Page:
The Industry choice

Steve Holden steve at
Thu Jan 6 09:42:42 EST 2005

Bulba! wrote:

> On Wed, 5 Jan 2005 11:19:56 +0100, aleaxit at (Alex Martelli)
> wrote:
> You see, I'm not disagreeing with you that your model applies
> _where it applies_. I only disagree that it applies in face of
> stronger forces. Now what kind of forces is dominant in 
> most frequent scenarios would have to be worked out in tedious
> empirical research I think. Which I haven't done, because
> learning some economics is just a hobby to me.
Yes, by all means let's just spout our opinions without any of that 
inconvenient tedious empirical research which might invalidate them.
>>Italian, at most German and French, and not Polish or Russian, closeness
>>to good international airports and other good transportation, closeness
>>to partner firms and potential customers' decision-makers, all appeared
>>to point to Warsaw, if I recall correctly.  Mechanical engineers with
>>some programming experience or viceversa, good translators, and good
>>salespeople with connections in the mechanical industry, are not as
>>ultra-specialized as all that, after all.
> Most sales offices in Warsaw do not employ esp. educated people in
> my impression. OTOH, the carmaking facilities nowadays require 
> more much more know-how and specialized workforce than a sales 
> office does. Or at least that was my impression when I worked at 
> the construction machine manufacturer in Berlin. 
Again you are forming impressions form rather limited evidence: I might 
agree with you about the relative intelligence and education of 
engineers over sales people, but that might be *my* bias showing.

> Capital investments per worker in auto industries are reportedly 
> very high. Simple physical tasks are done largely by machines, 
> like this 100 million Deutschmark costing laser-cutting installation
> that I've seen there, where a pile of iron bars is pulled in at one
> end and the pile of ready components is spitted out of the other end
> (unlike typical thermal cutting,  laser has the advantage of not
> destroying the metal structure adjacent to the cut, so the parts 
> of the machines subject to high-stress are oft produced this way). 
The same is true of plasma-arc cutting for thicker steels, and I believe 
it's still not possible to cut 3-inch stainless with a laser. But what's 
your point?

> Oh, and by the way that installation doesn't get used much.
> Somebody at the office didn't check carefully enough the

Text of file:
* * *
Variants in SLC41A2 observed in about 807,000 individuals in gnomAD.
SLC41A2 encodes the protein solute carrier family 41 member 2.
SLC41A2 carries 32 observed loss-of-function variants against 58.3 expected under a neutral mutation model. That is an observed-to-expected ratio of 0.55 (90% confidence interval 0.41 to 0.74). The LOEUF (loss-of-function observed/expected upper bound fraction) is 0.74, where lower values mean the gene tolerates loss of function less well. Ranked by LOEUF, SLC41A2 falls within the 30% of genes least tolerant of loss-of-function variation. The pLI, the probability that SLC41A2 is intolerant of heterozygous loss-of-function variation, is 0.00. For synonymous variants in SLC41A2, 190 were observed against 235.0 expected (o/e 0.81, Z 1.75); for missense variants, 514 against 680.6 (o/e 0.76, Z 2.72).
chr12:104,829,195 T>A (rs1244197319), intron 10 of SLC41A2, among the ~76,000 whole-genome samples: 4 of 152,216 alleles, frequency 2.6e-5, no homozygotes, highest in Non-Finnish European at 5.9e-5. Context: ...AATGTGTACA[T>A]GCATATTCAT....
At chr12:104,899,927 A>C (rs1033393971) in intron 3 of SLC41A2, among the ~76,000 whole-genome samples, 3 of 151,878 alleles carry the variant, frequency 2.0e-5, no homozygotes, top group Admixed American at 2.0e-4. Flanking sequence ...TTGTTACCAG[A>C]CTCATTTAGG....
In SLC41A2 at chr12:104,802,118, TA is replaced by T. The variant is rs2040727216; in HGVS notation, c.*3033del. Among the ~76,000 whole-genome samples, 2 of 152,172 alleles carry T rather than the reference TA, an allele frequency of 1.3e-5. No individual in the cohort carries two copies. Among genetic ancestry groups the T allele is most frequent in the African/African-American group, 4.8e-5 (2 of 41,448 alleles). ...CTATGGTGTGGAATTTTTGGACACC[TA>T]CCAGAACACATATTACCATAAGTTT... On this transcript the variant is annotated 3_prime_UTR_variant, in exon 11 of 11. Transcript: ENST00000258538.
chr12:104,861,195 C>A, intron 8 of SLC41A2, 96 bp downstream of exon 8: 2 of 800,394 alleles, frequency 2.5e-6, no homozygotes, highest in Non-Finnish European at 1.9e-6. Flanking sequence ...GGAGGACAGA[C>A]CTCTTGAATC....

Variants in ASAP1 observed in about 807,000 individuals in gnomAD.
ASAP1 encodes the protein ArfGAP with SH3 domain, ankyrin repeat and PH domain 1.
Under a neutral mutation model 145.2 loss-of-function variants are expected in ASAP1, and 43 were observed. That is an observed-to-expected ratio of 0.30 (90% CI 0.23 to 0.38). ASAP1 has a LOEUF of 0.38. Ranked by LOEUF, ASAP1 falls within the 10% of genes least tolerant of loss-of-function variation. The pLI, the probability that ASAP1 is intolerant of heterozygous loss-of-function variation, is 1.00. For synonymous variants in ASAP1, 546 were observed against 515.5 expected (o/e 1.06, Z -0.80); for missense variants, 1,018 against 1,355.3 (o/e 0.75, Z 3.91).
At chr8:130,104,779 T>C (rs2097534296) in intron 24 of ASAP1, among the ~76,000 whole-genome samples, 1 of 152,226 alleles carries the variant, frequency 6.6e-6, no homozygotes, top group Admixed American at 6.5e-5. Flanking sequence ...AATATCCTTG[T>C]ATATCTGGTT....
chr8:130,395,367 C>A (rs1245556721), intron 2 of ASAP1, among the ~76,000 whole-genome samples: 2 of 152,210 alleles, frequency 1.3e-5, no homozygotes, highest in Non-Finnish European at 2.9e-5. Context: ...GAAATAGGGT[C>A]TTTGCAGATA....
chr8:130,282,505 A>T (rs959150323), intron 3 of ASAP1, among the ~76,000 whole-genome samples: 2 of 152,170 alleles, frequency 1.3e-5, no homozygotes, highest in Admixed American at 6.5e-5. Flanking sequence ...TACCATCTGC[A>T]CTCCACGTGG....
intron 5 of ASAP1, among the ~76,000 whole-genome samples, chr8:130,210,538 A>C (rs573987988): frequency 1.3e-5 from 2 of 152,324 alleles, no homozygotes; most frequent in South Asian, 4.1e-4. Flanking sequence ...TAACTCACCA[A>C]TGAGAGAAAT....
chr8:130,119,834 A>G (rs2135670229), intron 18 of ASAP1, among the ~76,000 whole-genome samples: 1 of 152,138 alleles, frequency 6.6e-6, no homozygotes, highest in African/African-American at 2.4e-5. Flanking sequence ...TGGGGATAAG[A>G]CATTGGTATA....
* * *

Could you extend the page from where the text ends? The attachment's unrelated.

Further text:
> energy prices before ordering it and later someone discovered 
> that off-site specialized cutting firms that take advantage of 
> energy available at low prices at special times in other countries
> can get it produced cheaper. Moving it elsewhere or selling
> is not an option, since it is a specially constructed, low, 50-meters
> long hall that stands inside the huge manufacturing hall of the
> company.
And you are using this example to try and argue that engineers are 
better-educated than sales people? Who sold this installation? Who 
bought it? How much, therefore, is education worth?

> 100 million DM (when 1 DM was worth some half of Euro 
> back then) down the drain. When the company was in rather
> bad financial situation (later I've learned it was finally bought
> out by Americans). Oh well. No big deal.
> I was utterly shocked. Having grown up in Soviet times I have
> been used to seeing precious resources wasted by organizations
> as if resources were growing on trees, but smth like this?! In a
> shining ideal country of Germany?! Unthinkable.
Indeed not. Quite often the brown paper bag is a factor in purchases 
like this. I wouldn't be at all surprised if somebody with a major input 
to the decision-making process retired to a nice place in the country 
shortly afterwards. You appear to be making the mistake of believing 
that people will act in the larger interest, when sadly most individuals 
tend to put their own interests first (some would go as far as to define 
self-interest as the determinant of behavior).
>>The firm I was working for had a consensus decision-making process (even
>>I was involved) and managers (and other employees) and stockholders were
>>mostly the same people -- it wasn't all that large a firm at the time.
>>Nobody needed to practice risk avoidance.  
> Again, you may have had good luck. Where I worked (including
> some places in Germany and UK) it was almost the only factor 
> that seemed to matter to people - they'd do ANYTHING not to 
> take a risky decision, to "pass the buck", not to stick their necks
> out, not to declare doing some work that involved challenges.
Some people are like that. I chose a long time ago to try not to work 
with them whenever I could avoid it and, while that may have had 
negative economic consequences I an convinced it has improved my quality 
of life immensely. Of course, I have no proof for such an assertion.

> [and on, and on, and on ...]

Steve Holden     
Python Web Programming
Holden Web LLC      +1 703 861 4237  +1 800 494 3119

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